Open studio hours: Thursdays & Sundays noon-5 p.m.; closing reception 5-9 p.m. Nov. 5; sulfurstudios.org/residency.
Benjamin Jones work 1994-2020: Through Dec. 22, Laney Contemporary, 1810 Mills B Lane Blvd.; laneycontemporary.com.
New sculptures, including singularly eccentric rabbits, skulls, and elephants came about when Jones uncovered stored boxes of straight-pins and abandoned styrofoam rabbit forms that he had thrifted over a decade ago. Carefully embellishing each form with paper maché and colorful pins, the materials spoke to Jones as discarded and reborn objects from his past and materials for his future, like sculptural pincushions haunting us from a depression-era mentality or homemade Fabergé eggs, they exude a revived sense of re-use culture necessitated during virus lockdown.
The acupunctured fluffle of bunnies and neighboring pierced skulls seem protected with a layer of experience and armor.
Social distancing on the lawn and in gallery. personal selection of drawings and sculpture reveals the continuities of a creative life, and the connections between past iconography and renewed energy.
“Organic Ephemera” by local artist José Ray: Nature inspired mixed-media exhibit through Oct. 30 at Grand Bohemian Gallery, The Mansion on Forsyth Park, 700 Drayton St.; free admission. Incorporates range of media, including watercolor, markers, colored pencils and ink to showcase the inherent beauty within the cycles of nature. Bright flowers serve as a mainstay in the exhibit and act as a conduit for a larger message about life’s brevity and sanctity.
EDGE: A collaborative exhibition by Cynthia Knott & Michael Turner; noon-5 p.m. Oct. 24; The Gallery at Sulfur Studios 2301 Bull St.; artist talk Oct. 16; view by appointment at sulfurstudios.org/edge; Facebook Event: facebook.com/events/565349831275162.
Mixed media collaboration that weaves together the histories, disciplines, and perspectives of Cynthia Knott and Michael Turner. The collaborative aspect of this endeavor came alive when both artists agreed that there are no mistakes in the creative process, laying a foundation for combined vision, energy, and a new artistic voice.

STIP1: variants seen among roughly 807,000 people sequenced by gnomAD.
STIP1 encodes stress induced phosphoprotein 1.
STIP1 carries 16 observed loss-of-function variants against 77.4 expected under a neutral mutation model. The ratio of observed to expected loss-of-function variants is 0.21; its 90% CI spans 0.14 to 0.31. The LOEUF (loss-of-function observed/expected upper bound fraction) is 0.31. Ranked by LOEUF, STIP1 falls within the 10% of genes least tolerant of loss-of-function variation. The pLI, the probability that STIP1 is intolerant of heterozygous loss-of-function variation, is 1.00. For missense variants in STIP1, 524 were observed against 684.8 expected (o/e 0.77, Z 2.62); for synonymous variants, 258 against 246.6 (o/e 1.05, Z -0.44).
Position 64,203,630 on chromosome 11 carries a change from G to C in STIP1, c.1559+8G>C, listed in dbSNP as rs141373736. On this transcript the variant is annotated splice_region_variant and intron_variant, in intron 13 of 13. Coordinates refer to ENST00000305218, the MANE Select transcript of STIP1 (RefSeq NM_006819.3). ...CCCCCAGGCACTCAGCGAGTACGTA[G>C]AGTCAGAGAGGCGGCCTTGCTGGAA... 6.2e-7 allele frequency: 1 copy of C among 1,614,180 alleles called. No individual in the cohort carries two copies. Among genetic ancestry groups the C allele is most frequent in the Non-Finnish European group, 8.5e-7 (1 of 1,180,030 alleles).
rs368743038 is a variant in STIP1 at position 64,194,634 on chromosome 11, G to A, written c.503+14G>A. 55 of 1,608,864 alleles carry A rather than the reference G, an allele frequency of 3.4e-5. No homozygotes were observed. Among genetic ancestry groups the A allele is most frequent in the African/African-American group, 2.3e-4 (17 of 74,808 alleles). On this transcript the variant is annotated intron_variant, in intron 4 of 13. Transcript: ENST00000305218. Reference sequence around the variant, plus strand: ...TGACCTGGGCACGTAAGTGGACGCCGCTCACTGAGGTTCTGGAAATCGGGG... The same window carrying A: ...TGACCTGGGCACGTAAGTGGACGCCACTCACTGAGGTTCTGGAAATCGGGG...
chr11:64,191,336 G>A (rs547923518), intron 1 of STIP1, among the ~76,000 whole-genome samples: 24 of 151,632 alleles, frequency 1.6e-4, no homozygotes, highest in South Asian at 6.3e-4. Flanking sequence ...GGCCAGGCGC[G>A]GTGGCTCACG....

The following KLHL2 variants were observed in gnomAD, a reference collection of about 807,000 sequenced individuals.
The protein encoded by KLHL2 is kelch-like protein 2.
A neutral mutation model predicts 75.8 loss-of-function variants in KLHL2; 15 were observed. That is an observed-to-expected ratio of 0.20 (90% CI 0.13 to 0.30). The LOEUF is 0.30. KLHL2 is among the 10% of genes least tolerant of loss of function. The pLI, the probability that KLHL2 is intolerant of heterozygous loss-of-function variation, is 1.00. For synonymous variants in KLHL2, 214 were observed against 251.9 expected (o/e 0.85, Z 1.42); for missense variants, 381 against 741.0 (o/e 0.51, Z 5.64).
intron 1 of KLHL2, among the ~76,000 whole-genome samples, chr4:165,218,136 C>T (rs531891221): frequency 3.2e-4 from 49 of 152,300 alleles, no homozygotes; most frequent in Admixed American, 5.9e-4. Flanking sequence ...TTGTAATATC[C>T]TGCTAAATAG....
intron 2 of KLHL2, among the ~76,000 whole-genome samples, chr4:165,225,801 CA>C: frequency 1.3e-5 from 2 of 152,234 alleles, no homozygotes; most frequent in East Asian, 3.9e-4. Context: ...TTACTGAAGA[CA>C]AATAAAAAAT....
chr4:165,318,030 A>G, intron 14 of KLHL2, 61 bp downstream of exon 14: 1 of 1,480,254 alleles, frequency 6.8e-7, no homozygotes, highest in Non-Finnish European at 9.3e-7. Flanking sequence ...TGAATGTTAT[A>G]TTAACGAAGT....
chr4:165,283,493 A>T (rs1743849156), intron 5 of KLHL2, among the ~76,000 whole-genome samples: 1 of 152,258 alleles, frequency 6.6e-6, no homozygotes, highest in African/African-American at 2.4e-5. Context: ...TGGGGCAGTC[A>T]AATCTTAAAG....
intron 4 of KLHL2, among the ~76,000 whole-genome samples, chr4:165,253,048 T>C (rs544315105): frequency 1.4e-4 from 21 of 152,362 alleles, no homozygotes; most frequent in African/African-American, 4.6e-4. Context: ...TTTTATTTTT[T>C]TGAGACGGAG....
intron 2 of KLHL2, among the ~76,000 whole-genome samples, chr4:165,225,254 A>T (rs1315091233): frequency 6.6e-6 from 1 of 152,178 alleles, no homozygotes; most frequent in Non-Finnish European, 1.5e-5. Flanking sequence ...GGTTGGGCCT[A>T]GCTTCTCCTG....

“White Wig” by Mehryl Levisse: through Dec. 12 at SCAD Museum of Art, scadmoa.org/exhibitions/white-wig. Levisse’s multifaceted practice explores notions of subjectivity and identity related to queer experience. Using gendered symbols and imagery associated with pageantry, masquerade, and cabaret, the artist produces an extravagant visual language that interrogates commonly accepted conceptions of masculinity and femininity. Levisse’s performances and installations act as stages on which gender is remixed and obfuscated. Serving as emcee, the artist orchestrates space to question the limits of the body and the societal codes that constitute how we behave.
ARTS Southeast: New nonprofit with a mission to make Savannah a destination for art and culture in the Southeast by supporting established and emerging artists and engaging a diverse community with programming by developing awareness and appreciation of the arts. Sulfur Studios is flagship program. Executive Director is Emily Earl. artssoutheast.org.
Irritable Pelican Artisan Gallery: 10 a,m.-4 p.m.; 802 1st St., Tybee Island; irritablepelicanartisangallery.com.
Savannah African Art Museum: 11 a.m.-5 p.m. Wednesday-Saturday, 201 E. 37th St.; savannahafricanartmuseum.org. West Africa gallery tours start on the hour, every hour, with the first tour beginning at 11 a.m., last tour at 4 p.m. Central Africa gallery tours start every hour on the half our, with the first tour beginning at 11:30 a.m. and the last tour at 3:30 p.m. Masks are required for all visitors and staff while inside the museum. Admission free; donations appreciated; savannahafricanartmuseum.org.